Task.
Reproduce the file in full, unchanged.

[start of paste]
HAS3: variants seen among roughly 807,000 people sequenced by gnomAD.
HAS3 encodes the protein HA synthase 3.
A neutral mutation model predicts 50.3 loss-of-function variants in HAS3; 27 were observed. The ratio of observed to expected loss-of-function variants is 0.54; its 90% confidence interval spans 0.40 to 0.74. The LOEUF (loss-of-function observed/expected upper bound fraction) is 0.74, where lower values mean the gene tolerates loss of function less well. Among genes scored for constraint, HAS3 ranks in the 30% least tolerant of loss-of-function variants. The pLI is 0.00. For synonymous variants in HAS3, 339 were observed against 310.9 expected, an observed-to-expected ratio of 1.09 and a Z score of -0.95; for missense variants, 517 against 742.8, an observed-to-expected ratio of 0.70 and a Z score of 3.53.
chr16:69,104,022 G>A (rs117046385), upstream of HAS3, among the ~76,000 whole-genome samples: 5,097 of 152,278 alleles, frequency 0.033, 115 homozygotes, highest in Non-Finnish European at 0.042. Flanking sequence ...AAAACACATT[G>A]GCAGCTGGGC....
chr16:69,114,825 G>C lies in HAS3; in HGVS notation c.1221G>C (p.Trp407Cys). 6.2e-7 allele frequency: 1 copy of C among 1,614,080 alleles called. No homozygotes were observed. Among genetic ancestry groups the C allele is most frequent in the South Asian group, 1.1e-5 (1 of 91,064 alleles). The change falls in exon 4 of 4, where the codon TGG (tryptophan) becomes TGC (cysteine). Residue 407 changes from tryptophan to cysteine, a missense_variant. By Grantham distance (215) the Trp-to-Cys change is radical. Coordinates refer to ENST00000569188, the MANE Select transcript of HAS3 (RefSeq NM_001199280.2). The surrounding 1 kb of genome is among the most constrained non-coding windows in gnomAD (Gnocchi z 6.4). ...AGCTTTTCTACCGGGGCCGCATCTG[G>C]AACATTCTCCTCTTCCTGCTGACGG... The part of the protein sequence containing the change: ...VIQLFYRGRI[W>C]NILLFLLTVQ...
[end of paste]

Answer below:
HAS3: variants seen among roughly 807,000 people sequenced by gnomAD.
HAS3 encodes the protein HA synthase 3.
A neutral mutation model predicts 50.3 loss-of-function variants in HAS3; 27 were observed. The ratio of observed to expected loss-of-function variants is 0.54; its 90% confidence interval spans 0.40 to 0.74. The LOEUF (loss-of-function observed/expected upper bound fraction) is 0.74, where lower values mean the gene tolerates loss of function less well. Among genes scored for constraint, HAS3 ranks in the 30% least tolerant of loss-of-function variants. The pLI is 0.00. For synonymous variants in HAS3, 339 were observed against 310.9 expected, an observed-to-expected ratio of 1.09 and a Z score of -0.95; for missense variants, 517 against 742.8, an observed-to-expected ratio of 0.70 and a Z score of 3.53.
chr16:69,104,022 G>A (rs117046385), upstream of HAS3, among the ~76,000 whole-genome samples: 5,097 of 152,278 alleles, frequency 0.033, 115 homozygotes, highest in Non-Finnish European at 0.042. Flanking sequence ...AAAACACATT[G>A]GCAGCTGGGC....
chr16:69,114,825 G>C lies in HAS3; in HGVS notation c.1221G>C (p.Trp407Cys). 6.2e-7 allele frequency: 1 copy of C among 1,614,080 alleles called. No homozygotes were observed. Among genetic ancestry groups the C allele is most frequent in the South Asian group, 1.1e-5 (1 of 91,064 alleles). The change falls in exon 4 of 4, where the codon TGG (tryptophan) becomes TGC (cysteine). Residue 407 changes from tryptophan to cysteine, a missense_variant. By Grantham distance (215) the Trp-to-Cys change is radical. Coordinates refer to ENST00000569188, the MANE Select transcript of HAS3 (RefSeq NM_001199280.2). The surrounding 1 kb of genome is among the most constrained non-coding windows in gnomAD (Gnocchi z 6.4). ...AGCTTTTCTACCGGGGCCGCATCTG[G>C]AACATTCTCCTCTTCCTGCTGACGG... The part of the protein sequence containing the change: ...VIQLFYRGRI[W>C]NILLFLLTVQ...